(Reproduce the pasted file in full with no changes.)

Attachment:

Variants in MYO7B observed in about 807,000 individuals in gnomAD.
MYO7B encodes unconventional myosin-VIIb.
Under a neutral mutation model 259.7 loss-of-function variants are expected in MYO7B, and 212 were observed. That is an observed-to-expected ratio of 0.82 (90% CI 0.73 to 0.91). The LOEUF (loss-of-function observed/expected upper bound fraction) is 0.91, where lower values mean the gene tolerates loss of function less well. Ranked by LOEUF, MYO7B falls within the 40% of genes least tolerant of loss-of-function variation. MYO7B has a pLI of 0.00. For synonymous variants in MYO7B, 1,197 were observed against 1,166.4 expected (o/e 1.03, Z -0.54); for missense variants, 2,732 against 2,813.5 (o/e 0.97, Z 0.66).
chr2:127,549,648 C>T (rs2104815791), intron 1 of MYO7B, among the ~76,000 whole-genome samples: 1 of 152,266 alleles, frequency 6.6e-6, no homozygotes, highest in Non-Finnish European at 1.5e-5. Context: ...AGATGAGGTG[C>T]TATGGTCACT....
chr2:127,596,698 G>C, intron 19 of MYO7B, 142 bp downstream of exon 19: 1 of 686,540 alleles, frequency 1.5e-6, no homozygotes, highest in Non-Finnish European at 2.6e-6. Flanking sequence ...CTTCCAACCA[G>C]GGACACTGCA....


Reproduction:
Variants in MYO7B observed in about 807,000 individuals in gnomAD.
MYO7B encodes unconventional myosin-VIIb.
Under a neutral mutation model 259.7 loss-of-function variants are expected in MYO7B, and 212 were observed. That is an observed-to-expected ratio of 0.82 (90% CI 0.73 to 0.91). The LOEUF (loss-of-function observed/expected upper bound fraction) is 0.91, where lower values mean the gene tolerates loss of function less well. Ranked by LOEUF, MYO7B falls within the 40% of genes least tolerant of loss-of-function variation. MYO7B has a pLI of 0.00. For synonymous variants in MYO7B, 1,197 were observed against 1,166.4 expected (o/e 1.03, Z -0.54); for missense variants, 2,732 against 2,813.5 (o/e 0.97, Z 0.66).
chr2:127,549,648 C>T (rs2104815791), intron 1 of MYO7B, among the ~76,000 whole-genome samples: 1 of 152,266 alleles, frequency 6.6e-6, no homozygotes, highest in Non-Finnish European at 1.5e-5. Context: ...AGATGAGGTG[C>T]TATGGTCACT....
chr2:127,596,698 G>C, intron 19 of MYO7B, 142 bp downstream of exon 19: 1 of 686,540 alleles, frequency 1.5e-6, no homozygotes, highest in Non-Finnish European at 2.6e-6. Flanking sequence ...CTTCCAACCA[G>C]GGACACTGCA....